On trade rumors…
I don’t really pay attention to it. I mean, you’re the one who informed me first that I was almost traded [in 2013] — but like I said, I really don’t pay too much attention to it. There’s no real reason to. I think it’s only just a hindrance to worry about where you’re going to end up and all that. You just prepare for what you can, and the team you’re on, and if something happens, it happens. It’s out of our hands, so like I said, there’s really no reason for me to worry about it. I just try to focus on my summer workouts and being as ready as I can for next season.

On what he learned throughout his first full NHL season…
I think last year was a good step, and like you said, being able to show people that, but I think going forward, the main thing would be just consistency. Along the way, I’d have a stretch of games and then maybe a mix-up here or there, which I think is going to happen to maybe not every player, but every younger player in his career. If I can work on the consistency — if you can show you can play every night — then anybody should have a long career doing that. So I think just being able to prove that I could do it, and hopefully make some more strides and just be 100 percent consistent, is the ultimate goal.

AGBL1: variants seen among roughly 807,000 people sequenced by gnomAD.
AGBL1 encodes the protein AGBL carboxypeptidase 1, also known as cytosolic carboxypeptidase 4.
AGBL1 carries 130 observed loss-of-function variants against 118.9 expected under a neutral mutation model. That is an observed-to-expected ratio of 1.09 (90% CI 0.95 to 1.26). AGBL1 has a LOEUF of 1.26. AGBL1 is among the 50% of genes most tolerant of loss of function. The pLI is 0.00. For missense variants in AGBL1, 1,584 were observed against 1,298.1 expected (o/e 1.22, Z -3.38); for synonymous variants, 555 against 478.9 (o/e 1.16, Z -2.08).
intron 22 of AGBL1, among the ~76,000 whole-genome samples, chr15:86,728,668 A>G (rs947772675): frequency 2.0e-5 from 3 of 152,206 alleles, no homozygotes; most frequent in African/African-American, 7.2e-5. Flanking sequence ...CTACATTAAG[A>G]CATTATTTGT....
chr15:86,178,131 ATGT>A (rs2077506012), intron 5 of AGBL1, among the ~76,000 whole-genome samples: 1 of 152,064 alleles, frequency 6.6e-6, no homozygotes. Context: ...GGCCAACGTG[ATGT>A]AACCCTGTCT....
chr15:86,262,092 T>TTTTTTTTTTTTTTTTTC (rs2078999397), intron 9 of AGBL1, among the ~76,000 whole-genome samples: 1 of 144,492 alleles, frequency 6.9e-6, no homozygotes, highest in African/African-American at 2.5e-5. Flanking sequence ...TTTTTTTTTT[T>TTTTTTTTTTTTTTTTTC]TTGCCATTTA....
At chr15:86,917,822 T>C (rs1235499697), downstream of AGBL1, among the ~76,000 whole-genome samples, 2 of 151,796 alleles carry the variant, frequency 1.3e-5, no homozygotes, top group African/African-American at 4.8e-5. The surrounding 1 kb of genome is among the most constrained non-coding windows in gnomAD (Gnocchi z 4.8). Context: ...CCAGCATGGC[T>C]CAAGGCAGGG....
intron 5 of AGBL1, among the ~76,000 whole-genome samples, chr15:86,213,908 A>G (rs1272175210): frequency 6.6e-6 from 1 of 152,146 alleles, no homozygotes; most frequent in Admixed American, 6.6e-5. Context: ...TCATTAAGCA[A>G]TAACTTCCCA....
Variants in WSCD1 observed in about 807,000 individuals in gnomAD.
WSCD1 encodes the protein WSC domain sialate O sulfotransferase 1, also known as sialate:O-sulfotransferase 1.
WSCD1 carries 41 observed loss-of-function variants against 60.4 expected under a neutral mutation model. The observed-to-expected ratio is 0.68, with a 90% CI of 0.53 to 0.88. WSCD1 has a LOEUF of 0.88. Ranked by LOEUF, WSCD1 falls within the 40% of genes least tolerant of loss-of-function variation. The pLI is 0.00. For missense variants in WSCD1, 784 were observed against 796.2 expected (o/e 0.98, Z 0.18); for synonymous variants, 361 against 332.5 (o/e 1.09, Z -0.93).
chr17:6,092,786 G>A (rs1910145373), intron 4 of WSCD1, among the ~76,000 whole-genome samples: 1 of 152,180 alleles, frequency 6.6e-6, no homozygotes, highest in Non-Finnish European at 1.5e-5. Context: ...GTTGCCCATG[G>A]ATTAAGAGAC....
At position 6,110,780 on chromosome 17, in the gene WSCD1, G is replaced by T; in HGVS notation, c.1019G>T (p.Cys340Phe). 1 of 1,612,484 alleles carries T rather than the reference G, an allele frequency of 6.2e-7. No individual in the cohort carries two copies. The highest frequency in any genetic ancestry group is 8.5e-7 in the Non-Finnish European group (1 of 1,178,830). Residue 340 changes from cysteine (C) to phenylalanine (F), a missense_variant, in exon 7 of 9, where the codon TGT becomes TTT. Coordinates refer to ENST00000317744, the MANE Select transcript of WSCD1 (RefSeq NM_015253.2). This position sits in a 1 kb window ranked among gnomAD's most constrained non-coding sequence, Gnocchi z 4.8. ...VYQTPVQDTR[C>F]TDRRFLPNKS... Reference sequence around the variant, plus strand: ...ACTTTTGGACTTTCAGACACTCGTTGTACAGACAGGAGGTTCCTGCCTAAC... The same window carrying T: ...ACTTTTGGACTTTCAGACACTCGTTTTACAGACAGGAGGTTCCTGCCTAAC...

On if he had any hesitation about filing for arbitration…
There wasn’t any hesitation to file for it because I think it’s mainly a protective phase for the players, you know for us that it’s there. But there was absolutely no – there wasn’t any doubt in my mind that we were going to have a deal before we got to that stage. I didn’t want to go to arbitration, like I said, I filed for it just as a protective measure. But I think it was mutual that we knew that something was going to get done.

On if him becoming a UFA after this contract means much to him…
No, I mean I’m aware of what it is but I honestly don’t even think about that. Your play will speak for itself so again, all I can focus on is preparation this summer and focusing on having a good year and that’s about it. I mean, the rest will take care of itself, honestly I don’t even – that doesn’t even cross my mind.

On what lessons he learned from when things weren’t going well…
I think it’s more on the mental side. Just being able to – you know, like I said, in playoffs you have to take what you can from it, forget and fix it and that’s about it. That applies to the whole season too, you might have a little more time there but mainly it’s just trying to achieve that consistency and not trying to beat yourself up to much.

On if mistakes are more acceptable for young guys…